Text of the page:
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Biodegradable magnesium-based implants in bone studied by synchrotron radiation microtomography

Moosmann, Julian; Zeller-Plumhoff, Berit; Wieland, D. C.Florian; Galli, Silvia; Krüger, Diana; Dose, Thomas; Burmester, Hilmar; Wilde, Fabian; Bech, Martin LU and Peruzzi, Niccolò LU , et al. (2017) Developments in X-Ray Tomography XI 2017 In Developments in X-Ray Tomography XI 10391.
Abstract

Permanent implants made of titanium or its alloys are the gold standard in many orthopedic and traumatological applications due to their good biocompatibility and mechanical properties. However, a second surgical intervention is required for this kind of implants as they have to be removed in the case of children that are still growing or on patient's demand. Therefore, magnesium-based implants are considered for medical applications as they are degraded under physiological conditions. The major challenge is tailoring the degradation in a manner that is suitable for a biological environment and such that stabilization of the bone is provided for a controlled period. In order to understand failure mechanisms of magnesium-based implants... (More)

Permanent implants made of titanium or its alloys are the gold standard in many orthopedic and traumatological applications due to their good biocompatibility and mechanical properties. However, a second surgical intervention is required for this kind of implants as they have to be removed in the case of children that are still growing or on patient's demand. Therefore, magnesium-based implants are considered for medical applications as they are degraded under physiological conditions. The major challenge is tailoring the degradation in a manner that is suitable for a biological environment and such that stabilization of the bone is provided for a controlled period. In order to understand failure mechanisms of magnesium-based implants in orthopedic applications and, further, to better understand the osseointegration, screw implants in bone are studied under mechanical load by means of a push-out device installed at the imaging beamline P05 of PETRA III at DESY. Conventional absorption contrast microtomography and phasecontrast techniques are applied in order to monitor the bone-to-implant interface under increasing load conditions. In this proof-of-concept study, first results from an in situ push-out experiment are presented.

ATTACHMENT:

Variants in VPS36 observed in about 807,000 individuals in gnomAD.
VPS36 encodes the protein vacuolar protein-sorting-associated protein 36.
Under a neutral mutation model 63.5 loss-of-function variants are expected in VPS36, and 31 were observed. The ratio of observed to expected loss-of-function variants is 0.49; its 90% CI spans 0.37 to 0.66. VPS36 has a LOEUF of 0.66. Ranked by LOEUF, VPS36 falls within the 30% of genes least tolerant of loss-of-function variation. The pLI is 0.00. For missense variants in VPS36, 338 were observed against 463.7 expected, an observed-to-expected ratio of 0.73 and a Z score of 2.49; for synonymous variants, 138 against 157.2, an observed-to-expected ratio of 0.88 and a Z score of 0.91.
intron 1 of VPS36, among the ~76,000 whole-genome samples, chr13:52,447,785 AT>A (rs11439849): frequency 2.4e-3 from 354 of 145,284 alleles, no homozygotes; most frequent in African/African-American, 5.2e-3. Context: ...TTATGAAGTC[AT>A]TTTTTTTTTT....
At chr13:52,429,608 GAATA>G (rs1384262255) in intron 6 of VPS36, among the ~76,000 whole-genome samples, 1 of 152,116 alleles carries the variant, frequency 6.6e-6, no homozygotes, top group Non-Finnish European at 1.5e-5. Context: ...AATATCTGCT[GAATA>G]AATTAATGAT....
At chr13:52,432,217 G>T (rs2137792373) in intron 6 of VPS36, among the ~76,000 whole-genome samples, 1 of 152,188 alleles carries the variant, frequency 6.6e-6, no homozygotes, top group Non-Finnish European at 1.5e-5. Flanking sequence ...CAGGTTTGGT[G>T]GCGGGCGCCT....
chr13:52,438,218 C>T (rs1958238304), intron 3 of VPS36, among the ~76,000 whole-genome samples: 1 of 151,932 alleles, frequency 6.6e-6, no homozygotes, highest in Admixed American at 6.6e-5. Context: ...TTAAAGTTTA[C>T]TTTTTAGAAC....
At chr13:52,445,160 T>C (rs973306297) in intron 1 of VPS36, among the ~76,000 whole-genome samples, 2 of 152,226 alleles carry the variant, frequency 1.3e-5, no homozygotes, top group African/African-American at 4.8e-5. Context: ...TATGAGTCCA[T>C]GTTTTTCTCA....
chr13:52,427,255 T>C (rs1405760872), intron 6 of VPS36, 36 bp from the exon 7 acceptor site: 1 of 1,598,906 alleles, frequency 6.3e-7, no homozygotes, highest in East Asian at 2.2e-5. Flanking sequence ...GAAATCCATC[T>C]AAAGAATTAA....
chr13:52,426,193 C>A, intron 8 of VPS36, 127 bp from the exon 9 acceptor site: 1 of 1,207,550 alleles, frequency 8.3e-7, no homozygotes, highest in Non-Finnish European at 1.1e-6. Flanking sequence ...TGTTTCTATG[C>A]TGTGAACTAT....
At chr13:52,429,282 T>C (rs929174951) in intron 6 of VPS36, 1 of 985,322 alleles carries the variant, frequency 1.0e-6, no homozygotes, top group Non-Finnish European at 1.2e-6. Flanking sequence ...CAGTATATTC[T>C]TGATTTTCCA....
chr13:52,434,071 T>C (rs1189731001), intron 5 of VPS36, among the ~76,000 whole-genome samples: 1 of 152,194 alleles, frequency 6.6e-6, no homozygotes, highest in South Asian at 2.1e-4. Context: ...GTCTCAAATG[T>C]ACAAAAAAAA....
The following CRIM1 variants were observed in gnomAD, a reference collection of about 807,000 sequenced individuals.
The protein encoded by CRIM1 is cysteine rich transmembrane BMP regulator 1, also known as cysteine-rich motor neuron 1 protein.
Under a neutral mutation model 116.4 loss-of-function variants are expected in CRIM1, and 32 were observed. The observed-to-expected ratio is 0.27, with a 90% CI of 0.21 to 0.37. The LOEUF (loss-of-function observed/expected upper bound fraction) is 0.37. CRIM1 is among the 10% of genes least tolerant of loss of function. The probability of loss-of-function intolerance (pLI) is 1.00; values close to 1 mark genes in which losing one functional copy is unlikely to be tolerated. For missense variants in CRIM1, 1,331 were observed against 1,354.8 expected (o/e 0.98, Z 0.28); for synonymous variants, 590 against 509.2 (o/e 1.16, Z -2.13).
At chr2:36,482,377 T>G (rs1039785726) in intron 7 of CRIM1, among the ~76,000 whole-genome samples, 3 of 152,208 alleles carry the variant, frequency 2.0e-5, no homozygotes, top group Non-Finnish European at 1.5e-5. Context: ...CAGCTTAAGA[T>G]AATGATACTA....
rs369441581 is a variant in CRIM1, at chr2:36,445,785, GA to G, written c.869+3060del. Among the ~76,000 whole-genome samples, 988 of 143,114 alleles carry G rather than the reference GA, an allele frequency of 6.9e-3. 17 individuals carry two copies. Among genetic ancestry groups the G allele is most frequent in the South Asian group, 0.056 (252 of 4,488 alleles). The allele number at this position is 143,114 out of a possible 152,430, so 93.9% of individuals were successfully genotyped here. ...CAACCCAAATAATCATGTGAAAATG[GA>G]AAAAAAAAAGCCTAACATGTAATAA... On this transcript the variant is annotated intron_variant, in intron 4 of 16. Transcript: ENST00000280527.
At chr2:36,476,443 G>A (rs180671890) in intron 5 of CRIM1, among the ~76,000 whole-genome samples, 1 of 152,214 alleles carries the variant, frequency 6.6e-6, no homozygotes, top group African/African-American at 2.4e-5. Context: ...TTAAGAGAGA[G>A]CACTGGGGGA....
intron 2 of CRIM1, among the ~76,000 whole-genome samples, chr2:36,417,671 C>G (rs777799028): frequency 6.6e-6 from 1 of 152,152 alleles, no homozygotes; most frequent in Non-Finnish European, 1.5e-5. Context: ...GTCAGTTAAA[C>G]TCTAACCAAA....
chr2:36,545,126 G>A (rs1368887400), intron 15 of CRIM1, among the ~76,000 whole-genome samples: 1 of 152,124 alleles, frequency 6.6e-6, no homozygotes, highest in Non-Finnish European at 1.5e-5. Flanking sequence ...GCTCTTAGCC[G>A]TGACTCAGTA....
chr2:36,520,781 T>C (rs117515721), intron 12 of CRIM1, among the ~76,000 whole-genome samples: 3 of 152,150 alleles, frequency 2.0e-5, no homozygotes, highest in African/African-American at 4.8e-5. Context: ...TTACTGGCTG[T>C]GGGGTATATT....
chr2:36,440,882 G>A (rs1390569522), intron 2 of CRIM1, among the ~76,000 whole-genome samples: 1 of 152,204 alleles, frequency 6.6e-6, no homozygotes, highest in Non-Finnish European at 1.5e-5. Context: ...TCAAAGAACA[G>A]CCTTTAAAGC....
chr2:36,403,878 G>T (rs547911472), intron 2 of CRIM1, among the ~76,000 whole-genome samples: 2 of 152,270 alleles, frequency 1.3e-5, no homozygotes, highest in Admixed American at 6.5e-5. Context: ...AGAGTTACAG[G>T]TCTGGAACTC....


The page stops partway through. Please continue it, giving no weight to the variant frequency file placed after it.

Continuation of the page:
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Chapter in Book/Report/Conference proceeding
publication status
published
subject
keywords
Biodegradable metallic implants, Biodegradation, Bone healing, Bone-implant-interface, In situ mechanical testing, Load frame, Magnesium alloys, MicroCT, Synchrotron radiation, X-ray tomography
in
Developments in X-Ray Tomography XI
volume
10391
publisher
SPIE
conference name
Developments in X-Ray Tomography XI 2017
external identifiers
  • scopus:85040443776
ISBN
9781510612396
DOI
10.1117/12.2275121
language
English
LU publication?
yes
id
734467f2-46e4-4438-9fd3-ee3329ac4bce
date added to LUP
2018-01-22 14:47:32
date last changed
2018-01-22 14:47:32
@inproceedings{734467f2-46e4-4438-9fd3-ee3329ac4bce,
  abstract     = {<p>Permanent implants made of titanium or its alloys are the gold standard in many orthopedic and traumatological applications due to their good biocompatibility and mechanical properties. However, a second surgical intervention is required for this kind of implants as they have to be removed in the case of children that are still growing or on patient's demand. Therefore, magnesium-based implants are considered for medical applications as they are degraded under physiological conditions. The major challenge is tailoring the degradation in a manner that is suitable for a biological environment and such that stabilization of the bone is provided for a controlled period. In order to understand failure mechanisms of magnesium-based implants in orthopedic applications and, further, to better understand the osseointegration, screw implants in bone are studied under mechanical load by means of a push-out device installed at the imaging beamline P05 of PETRA III at DESY. Conventional absorption contrast microtomography and phasecontrast techniques are applied in order to monitor the bone-to-implant interface under increasing load conditions. In this proof-of-concept study, first results from an in situ push-out experiment are presented.</p>},
  author       = {Moosmann, Julian and Zeller-Plumhoff, Berit and Wieland, D. C.Florian and Galli, Silvia and Krüger, Diana and Dose, Thomas and Burmester, Hilmar and Wilde, Fabian and Bech, Martin and Peruzzi, Niccolò and Wiese, Björn and Hipp, Alexander and Beckmann, Felix and Hammel, Jörg and Willumeit-Römer, Regine},
  booktitle    = {Developments in X-Ray Tomography XI},
  isbn         = {9781510612396},
  keyword      = {Biodegradable metallic implants,Biodegradation,Bone healing,Bone-implant-interface,In situ mechanical testing,Load frame,Magnesium alloys,MicroCT,Synchrotron radiation,X-ray tomography},
  language     = {eng},
  publisher    = {SPIE},
  title        = {Biodegradable magnesium-based implants in bone studied by synchrotron radiation microtomography},
  url          = {http://dx.doi.org/10.1117/12.2275121},
  volume       = {10391},
  year         = {2017},
}